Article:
First female Swapo combatant buried at Eenhana

09 Jun 2018 14:10pm
EENHANA, 09 JUN (NAMPA) – Hundreds of mourners from all over Namibia, including President Hage Geingob, gathered at Eenhana National Shrine in the Ohangwena Region to pay their last respects to war veteran Auguste “Mukwahepo” Immanuel on Saturday.
Immanuel, who was the first female to be trained regimentally in the defunct Swapo military wing, South West Africa Liberation Army, which preceded the People’s Liberation Army of Namibia, died at the age of 80 in the Engela Hospital after illness on 30 May.
She was a resident of Omhedi village in the Ohangwena Region’s Ohangwena Constituency.
A memorial service also held at Eenhana on Friday preceded Immanuel’s funeral. Addressing the mourners and relatives at the service, Geingob described Immanuel as an extraordinary individual, a pioneer and heroine of the armed struggle for Namibia’s independence.
“Comrade Auguste Mukwahepo Immanuel was a heroine in the truest sense and in more ways than one,” Geingob cited.
According to Geingob, Immanuel was a pioneer and trailblazer to the Swapo party.
In 1964, at the age of 27, Immanuel left Namibia for exile to join other Namibians with the intent of fighting for a free Namibia.
“She ventured alone into the unknown, as the only woman amongst men,” Geingob stated.
The Head of State pointed out that he met Immanuel during the first half of 1964 after travelling to Léopoldville in Congo (DRC) from Botswana.
The late Andreas Shipanga, who was the Swapo representative in Congo then, introduced Immanuel to Geingob.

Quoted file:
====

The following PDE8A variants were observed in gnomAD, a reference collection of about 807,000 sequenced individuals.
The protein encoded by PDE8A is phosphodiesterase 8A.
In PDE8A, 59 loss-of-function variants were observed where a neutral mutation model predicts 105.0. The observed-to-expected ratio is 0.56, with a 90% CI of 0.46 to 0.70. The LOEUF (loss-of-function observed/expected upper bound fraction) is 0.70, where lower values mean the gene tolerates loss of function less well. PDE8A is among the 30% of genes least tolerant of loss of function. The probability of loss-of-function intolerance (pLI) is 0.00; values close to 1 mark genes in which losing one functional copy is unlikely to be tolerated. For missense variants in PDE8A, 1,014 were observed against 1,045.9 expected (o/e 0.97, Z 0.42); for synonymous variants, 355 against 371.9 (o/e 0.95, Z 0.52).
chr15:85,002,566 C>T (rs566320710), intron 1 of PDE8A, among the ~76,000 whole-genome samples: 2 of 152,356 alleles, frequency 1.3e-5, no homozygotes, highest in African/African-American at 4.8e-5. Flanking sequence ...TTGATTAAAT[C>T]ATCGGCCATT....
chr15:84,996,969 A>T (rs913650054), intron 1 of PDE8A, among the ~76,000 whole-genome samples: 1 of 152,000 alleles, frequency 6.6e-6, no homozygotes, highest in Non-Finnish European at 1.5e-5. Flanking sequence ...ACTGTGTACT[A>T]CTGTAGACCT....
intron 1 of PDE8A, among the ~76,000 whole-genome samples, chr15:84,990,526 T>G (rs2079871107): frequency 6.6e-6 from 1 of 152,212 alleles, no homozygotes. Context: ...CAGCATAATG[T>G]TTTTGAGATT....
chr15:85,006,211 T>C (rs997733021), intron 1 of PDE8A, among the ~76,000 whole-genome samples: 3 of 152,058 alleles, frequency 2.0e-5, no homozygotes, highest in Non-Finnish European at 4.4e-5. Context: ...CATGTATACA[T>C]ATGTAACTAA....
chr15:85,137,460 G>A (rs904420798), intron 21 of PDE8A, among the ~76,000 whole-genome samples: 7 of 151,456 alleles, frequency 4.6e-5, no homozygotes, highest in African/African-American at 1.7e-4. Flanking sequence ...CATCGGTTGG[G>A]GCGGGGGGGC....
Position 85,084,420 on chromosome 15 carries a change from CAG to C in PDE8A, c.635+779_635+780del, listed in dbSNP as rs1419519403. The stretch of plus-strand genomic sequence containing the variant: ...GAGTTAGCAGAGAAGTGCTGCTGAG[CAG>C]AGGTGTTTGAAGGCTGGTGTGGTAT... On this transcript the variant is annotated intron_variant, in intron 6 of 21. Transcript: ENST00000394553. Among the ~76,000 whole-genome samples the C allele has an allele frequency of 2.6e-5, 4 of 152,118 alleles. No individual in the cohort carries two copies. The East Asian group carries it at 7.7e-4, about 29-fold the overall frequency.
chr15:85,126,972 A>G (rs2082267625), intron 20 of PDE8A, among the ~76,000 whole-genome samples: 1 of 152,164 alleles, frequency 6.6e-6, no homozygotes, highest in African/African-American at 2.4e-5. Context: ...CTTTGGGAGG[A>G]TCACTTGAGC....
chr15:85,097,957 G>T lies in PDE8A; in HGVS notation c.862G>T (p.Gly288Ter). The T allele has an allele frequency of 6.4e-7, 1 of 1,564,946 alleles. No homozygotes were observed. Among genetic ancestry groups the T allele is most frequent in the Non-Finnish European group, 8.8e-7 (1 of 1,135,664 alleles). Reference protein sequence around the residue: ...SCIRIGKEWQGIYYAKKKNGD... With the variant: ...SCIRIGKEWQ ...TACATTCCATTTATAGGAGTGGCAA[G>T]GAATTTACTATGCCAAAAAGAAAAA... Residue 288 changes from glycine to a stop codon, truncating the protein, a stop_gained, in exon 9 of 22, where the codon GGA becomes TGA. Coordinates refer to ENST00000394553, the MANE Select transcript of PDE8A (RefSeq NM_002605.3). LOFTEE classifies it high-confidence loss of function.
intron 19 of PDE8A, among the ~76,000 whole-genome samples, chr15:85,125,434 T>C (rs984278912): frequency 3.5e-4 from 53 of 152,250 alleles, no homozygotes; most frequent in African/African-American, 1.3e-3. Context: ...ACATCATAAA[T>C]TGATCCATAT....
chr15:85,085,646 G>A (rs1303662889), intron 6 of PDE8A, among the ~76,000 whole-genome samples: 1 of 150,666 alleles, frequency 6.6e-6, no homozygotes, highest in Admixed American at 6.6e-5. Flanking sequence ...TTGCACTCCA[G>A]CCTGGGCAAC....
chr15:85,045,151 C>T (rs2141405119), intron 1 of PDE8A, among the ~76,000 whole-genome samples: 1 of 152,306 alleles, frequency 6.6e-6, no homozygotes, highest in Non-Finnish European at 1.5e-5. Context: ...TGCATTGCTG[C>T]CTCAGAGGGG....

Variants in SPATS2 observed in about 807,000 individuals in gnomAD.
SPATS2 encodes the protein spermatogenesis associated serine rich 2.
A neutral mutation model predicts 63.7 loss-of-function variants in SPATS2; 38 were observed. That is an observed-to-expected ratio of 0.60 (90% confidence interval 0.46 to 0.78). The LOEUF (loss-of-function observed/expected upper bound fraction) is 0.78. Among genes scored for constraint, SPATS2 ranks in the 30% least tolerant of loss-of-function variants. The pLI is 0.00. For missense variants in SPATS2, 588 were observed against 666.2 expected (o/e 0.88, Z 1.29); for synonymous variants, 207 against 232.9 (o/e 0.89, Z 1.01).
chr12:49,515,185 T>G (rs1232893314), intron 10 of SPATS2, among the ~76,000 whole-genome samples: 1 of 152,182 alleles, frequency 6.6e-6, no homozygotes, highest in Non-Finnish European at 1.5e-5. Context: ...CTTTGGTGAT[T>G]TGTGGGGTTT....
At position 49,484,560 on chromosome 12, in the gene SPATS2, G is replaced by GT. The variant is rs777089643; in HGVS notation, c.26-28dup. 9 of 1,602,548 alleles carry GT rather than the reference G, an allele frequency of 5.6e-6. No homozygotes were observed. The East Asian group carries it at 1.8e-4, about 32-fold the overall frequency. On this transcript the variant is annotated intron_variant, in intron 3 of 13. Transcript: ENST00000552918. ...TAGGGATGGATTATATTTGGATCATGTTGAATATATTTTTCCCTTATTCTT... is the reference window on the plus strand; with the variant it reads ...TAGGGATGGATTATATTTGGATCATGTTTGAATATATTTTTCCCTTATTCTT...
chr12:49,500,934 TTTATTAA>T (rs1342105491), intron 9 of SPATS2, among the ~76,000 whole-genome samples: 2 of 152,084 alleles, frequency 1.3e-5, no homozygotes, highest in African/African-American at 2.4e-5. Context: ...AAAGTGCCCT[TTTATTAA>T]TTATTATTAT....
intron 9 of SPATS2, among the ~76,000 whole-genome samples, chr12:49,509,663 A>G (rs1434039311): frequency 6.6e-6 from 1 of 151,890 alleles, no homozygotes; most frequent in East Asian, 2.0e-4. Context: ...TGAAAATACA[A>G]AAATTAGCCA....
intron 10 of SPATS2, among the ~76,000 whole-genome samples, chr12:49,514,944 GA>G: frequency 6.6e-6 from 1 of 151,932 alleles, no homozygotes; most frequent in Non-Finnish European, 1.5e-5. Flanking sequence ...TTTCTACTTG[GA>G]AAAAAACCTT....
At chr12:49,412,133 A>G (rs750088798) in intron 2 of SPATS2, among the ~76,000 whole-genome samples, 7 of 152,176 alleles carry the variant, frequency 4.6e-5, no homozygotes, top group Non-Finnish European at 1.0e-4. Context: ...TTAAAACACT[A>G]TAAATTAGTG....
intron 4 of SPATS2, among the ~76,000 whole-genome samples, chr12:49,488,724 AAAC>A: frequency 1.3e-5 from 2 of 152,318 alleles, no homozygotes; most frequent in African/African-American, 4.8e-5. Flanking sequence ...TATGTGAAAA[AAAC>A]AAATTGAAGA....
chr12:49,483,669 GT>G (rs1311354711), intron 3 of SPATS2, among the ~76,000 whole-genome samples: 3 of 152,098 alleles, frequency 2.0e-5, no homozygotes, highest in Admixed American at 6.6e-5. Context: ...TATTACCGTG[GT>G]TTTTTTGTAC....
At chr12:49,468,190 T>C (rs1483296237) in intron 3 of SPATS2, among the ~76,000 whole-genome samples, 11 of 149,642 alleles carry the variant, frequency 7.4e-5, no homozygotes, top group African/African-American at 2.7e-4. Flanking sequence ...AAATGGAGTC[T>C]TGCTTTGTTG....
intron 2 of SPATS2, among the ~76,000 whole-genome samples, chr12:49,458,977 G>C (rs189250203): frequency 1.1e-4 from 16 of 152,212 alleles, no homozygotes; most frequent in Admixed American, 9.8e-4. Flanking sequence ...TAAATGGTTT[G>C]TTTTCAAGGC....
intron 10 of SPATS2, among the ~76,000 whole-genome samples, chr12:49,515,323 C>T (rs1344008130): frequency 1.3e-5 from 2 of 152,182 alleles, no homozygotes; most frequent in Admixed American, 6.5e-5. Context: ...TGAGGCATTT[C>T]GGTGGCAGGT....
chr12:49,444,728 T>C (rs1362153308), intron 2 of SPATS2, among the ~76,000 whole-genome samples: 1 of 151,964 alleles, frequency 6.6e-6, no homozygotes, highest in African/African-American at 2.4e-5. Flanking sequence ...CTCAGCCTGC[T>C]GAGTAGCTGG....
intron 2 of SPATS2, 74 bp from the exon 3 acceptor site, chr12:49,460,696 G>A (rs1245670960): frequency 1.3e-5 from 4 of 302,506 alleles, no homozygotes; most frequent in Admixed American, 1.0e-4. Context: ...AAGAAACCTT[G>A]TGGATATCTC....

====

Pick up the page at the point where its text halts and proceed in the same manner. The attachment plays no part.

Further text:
“The world she left behind in her motherland makes her achievement extraordinary,” stated the Namibian leader.
Even as a tough and fearless soldier, Geingob said Immanuel always exuded the innate qualities of motherhood, he added.
The Head of State went on to say Immanuel had an additional responsibility of nursing the children of fellow freedom fighters who were fighting at the forefront and some who had gone further afield to pursue their studies.
Geingob added that upon her returned to Namibia, Immanuel used her monthly war veterans’ grant to take care of 15 children of her deceased relatives, sending them to school and taking care of the household.
Former President Hifikepunye Pohamba, Vice-President Nangolo Mbumba, Prime Minister Saara Kuugongelwa-Amadhila and Deputy Prime Minister and Minister of International Relations and Cooperation, Netumbo Nandi-Ndaitwah also attended the funeral.